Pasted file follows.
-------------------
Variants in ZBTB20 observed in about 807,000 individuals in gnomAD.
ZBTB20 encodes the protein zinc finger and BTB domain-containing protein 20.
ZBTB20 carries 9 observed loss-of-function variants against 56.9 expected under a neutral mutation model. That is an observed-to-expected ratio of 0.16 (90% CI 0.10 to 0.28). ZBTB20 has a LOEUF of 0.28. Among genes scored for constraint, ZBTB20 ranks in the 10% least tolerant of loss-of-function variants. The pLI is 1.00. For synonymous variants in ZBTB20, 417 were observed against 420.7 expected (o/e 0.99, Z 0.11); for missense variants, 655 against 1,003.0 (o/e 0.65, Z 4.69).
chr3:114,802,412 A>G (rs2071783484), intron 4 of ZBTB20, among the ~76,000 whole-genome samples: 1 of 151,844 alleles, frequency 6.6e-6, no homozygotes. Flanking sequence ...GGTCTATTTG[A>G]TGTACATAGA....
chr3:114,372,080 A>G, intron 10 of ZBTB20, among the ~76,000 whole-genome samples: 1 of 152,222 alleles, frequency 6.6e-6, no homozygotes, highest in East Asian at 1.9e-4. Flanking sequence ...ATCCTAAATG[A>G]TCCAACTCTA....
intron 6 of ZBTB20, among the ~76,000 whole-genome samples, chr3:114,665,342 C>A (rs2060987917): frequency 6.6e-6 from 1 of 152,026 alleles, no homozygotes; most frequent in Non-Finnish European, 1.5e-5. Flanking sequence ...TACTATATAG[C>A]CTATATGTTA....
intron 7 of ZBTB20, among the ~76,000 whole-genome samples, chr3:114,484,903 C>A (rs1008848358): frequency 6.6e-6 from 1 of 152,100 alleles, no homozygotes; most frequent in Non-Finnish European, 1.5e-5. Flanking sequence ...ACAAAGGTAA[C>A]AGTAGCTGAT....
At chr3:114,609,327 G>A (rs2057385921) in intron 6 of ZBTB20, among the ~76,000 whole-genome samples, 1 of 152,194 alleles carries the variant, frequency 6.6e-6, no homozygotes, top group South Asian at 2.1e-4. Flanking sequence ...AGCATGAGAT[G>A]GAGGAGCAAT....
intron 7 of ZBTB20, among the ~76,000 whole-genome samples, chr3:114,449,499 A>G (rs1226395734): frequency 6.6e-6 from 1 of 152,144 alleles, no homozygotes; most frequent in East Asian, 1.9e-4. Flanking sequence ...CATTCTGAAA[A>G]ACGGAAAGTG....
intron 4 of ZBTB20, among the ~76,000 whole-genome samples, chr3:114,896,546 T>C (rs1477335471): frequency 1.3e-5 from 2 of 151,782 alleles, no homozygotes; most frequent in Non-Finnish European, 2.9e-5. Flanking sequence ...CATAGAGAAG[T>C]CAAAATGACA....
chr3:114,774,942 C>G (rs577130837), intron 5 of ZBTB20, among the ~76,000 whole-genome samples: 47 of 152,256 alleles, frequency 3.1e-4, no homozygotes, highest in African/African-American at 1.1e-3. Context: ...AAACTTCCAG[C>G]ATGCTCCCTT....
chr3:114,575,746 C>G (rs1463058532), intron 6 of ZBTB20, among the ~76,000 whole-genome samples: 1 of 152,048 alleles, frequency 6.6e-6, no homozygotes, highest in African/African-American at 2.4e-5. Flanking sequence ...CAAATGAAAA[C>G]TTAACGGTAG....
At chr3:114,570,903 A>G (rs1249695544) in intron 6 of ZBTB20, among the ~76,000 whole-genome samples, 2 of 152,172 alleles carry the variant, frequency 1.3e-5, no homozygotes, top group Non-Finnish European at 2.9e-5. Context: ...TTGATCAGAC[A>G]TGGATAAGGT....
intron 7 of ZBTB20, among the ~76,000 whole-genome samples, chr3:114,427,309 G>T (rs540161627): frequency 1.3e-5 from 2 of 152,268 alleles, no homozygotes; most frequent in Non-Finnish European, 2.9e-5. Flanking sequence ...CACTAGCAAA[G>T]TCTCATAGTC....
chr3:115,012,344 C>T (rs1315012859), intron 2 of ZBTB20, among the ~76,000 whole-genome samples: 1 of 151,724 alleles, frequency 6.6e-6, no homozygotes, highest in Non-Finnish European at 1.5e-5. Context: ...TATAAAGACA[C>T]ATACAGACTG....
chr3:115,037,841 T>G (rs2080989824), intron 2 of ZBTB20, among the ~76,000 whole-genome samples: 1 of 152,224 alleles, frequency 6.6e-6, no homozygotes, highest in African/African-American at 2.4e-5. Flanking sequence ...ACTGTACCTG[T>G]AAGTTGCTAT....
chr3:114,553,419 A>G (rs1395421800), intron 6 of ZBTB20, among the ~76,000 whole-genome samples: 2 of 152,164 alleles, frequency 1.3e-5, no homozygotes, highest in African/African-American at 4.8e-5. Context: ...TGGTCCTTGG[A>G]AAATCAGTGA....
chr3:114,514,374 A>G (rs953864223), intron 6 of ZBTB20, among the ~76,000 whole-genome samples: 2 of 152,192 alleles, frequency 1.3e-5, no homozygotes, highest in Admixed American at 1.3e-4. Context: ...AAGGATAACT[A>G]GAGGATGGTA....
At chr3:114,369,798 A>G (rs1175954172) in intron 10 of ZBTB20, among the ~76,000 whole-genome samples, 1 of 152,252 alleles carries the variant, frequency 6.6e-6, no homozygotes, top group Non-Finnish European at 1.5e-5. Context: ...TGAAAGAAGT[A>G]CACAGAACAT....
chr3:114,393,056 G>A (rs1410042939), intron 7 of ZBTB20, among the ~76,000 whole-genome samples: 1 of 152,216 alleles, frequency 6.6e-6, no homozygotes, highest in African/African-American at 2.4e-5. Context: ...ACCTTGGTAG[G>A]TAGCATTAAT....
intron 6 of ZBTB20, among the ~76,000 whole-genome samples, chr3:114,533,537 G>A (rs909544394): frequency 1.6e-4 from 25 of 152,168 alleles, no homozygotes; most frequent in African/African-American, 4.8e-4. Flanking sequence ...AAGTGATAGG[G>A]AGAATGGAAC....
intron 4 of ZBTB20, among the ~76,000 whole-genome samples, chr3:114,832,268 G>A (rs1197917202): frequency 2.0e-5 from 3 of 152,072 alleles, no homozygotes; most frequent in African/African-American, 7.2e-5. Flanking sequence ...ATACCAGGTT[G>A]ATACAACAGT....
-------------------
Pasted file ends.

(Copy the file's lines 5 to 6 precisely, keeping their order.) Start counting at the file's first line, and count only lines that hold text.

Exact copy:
chr3:114,372,080 A>G, intron 10 of ZBTB20, among the ~76,000 whole-genome samples: 1 of 152,222 alleles, frequency 6.6e-6, no homozygotes, highest in East Asian at 1.9e-4. Flanking sequence ...ATCCTAAATG[A>G]TCCAACTCTA....
intron 6 of ZBTB20, among the ~76,000 whole-genome samples, chr3:114,665,342 C>A (rs2060987917): frequency 6.6e-6 from 1 of 152,026 alleles, no homozygotes; most frequent in Non-Finnish European, 1.5e-5. Flanking sequence ...TACTATATAG[C>A]CTATATGTTA....